The economic impact of intermittent high-dose intravenous versus oral corticosteroid treatment of juvenile dermatomyositis

Marisa S. Klein-Gitelman*, Teresa Waters, Lauren M. Pachman

*Corresponding author for this work

Research output: Contribution to journalArticlepeer-review

23 Scopus citations

Abstract

Objective. To perform a cost-identification and cost-effectiveness analysis comparing oral corticosteroids (OCS) with high-dose intermittent intravenous corticosteroid (IVCS) regimens in the treatment of juvenile dermatomyositis (JDM). Methods. Children previously diagnosed and treated for JDM (without myositis-specific or myositis-associated autoantibodies) at a single medical center by a single provider were identified. Two treatment protocols were compared: OCS and IVCS. Data on initial disease severity, time to remission, resource use, and costs generated were collected from patient records. Incremental cost-effectiveness ratios (ICE) were constructed. Results. Patients treated with IVCS achieved median remission 2 years earlier at median increased cost of $13,736. The ICE ratio comparing IVCS to OCS is $6,868 per year of disease avoided. Conclusion. This study suggests that, although IVCS treatments are costly, they are cost-effective.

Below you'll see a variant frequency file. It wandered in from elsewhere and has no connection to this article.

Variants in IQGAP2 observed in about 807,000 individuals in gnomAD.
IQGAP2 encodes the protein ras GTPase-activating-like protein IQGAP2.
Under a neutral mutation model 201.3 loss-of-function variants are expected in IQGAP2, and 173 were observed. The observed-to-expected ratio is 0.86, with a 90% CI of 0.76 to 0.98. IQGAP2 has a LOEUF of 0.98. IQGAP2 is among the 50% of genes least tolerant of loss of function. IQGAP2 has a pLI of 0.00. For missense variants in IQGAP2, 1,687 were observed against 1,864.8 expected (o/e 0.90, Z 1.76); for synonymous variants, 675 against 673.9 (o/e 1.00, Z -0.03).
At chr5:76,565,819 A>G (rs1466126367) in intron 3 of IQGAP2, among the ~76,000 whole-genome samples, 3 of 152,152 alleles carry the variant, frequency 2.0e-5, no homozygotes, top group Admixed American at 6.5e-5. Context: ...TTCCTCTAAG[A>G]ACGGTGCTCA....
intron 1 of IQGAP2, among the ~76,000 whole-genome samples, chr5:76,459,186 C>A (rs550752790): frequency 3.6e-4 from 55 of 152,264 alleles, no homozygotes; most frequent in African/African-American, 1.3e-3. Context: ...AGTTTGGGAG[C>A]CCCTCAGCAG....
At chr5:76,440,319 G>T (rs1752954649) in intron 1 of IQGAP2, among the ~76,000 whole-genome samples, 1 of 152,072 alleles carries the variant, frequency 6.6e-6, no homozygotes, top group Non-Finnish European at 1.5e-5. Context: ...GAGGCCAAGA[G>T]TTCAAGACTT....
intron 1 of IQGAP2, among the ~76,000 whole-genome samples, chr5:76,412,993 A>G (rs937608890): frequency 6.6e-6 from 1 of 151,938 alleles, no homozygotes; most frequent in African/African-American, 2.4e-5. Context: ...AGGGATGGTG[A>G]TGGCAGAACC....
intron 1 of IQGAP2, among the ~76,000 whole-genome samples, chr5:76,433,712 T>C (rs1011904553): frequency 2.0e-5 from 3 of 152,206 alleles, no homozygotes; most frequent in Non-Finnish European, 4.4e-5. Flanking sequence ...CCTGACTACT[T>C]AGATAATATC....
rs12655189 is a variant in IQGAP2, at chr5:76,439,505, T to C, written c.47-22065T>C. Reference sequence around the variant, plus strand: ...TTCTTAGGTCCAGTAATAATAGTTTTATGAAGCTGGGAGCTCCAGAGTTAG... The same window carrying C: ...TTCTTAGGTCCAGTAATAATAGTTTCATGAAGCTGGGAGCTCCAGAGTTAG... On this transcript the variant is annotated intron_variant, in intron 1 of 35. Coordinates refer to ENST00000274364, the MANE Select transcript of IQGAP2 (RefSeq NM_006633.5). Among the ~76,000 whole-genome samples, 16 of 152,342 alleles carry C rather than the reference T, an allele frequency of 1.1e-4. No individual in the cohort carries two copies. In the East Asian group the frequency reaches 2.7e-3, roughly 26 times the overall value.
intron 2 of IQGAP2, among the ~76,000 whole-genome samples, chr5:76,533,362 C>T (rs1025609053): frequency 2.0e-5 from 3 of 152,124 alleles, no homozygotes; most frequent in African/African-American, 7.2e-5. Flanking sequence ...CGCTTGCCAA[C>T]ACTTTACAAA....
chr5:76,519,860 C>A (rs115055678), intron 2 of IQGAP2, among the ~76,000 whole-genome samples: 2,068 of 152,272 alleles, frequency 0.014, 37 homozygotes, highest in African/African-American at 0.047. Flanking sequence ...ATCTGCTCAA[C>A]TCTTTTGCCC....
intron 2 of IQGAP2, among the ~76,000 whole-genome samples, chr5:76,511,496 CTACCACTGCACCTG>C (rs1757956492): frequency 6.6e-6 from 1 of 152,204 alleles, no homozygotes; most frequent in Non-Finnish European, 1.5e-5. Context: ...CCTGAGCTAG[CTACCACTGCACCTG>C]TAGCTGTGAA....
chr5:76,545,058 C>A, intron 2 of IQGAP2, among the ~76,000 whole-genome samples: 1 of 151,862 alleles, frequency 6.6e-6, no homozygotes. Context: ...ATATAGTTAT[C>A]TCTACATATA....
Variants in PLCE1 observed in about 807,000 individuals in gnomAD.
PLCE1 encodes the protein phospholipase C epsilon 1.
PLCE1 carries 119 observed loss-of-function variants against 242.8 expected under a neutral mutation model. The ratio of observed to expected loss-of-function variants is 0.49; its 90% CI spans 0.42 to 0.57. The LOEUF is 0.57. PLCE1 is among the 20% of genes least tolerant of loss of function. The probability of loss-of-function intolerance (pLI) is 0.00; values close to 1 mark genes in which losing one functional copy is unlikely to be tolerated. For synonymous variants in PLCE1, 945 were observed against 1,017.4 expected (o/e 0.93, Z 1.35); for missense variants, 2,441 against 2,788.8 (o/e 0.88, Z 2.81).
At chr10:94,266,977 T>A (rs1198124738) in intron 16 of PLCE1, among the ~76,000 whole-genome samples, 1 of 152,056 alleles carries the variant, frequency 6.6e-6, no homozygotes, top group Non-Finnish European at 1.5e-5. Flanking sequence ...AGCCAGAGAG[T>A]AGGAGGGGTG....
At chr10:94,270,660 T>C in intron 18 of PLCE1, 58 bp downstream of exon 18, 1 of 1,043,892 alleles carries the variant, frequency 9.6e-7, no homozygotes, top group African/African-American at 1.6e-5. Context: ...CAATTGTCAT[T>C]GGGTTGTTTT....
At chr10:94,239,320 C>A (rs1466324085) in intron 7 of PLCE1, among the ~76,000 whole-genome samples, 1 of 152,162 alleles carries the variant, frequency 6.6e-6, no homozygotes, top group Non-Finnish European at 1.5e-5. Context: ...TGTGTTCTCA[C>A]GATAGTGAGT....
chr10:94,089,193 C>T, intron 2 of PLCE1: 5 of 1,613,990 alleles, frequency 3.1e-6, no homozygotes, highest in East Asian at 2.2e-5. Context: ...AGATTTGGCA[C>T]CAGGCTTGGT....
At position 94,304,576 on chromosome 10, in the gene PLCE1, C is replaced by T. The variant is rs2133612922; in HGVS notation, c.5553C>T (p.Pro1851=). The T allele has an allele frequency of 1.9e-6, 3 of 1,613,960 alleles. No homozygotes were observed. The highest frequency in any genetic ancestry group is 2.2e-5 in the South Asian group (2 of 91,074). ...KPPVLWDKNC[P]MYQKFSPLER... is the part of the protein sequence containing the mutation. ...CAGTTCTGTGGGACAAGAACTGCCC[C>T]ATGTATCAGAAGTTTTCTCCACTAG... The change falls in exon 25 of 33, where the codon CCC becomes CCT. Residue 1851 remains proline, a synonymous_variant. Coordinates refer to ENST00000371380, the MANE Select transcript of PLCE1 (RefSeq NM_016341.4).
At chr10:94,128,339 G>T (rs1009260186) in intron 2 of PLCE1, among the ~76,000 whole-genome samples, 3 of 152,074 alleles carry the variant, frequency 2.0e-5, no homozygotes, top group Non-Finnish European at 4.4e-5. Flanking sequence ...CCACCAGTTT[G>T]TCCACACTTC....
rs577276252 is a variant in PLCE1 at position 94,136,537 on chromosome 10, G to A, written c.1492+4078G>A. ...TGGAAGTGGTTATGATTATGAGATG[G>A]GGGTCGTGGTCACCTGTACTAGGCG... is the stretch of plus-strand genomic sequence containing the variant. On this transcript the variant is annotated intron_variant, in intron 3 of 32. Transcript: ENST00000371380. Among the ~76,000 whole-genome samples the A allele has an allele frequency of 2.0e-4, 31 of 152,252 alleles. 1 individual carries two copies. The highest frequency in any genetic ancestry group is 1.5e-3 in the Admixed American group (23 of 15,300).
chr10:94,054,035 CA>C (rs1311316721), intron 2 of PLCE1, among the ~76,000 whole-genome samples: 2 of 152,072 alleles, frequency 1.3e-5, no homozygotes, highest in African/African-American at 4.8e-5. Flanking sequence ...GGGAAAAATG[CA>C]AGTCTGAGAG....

Original languageEnglish (US)
Pages (from-to)360-368
Number of pages9
JournalArthritis Care and Research
Volume13
Issue number6
DOIs
StatePublished - 2000

Keywords

  • Cost identification
  • Cost-effectiveness
  • High-dose intravenous corticosteroids
  • Juvenile dermatomyositis

ASJC Scopus subject areas

  • Rheumatology

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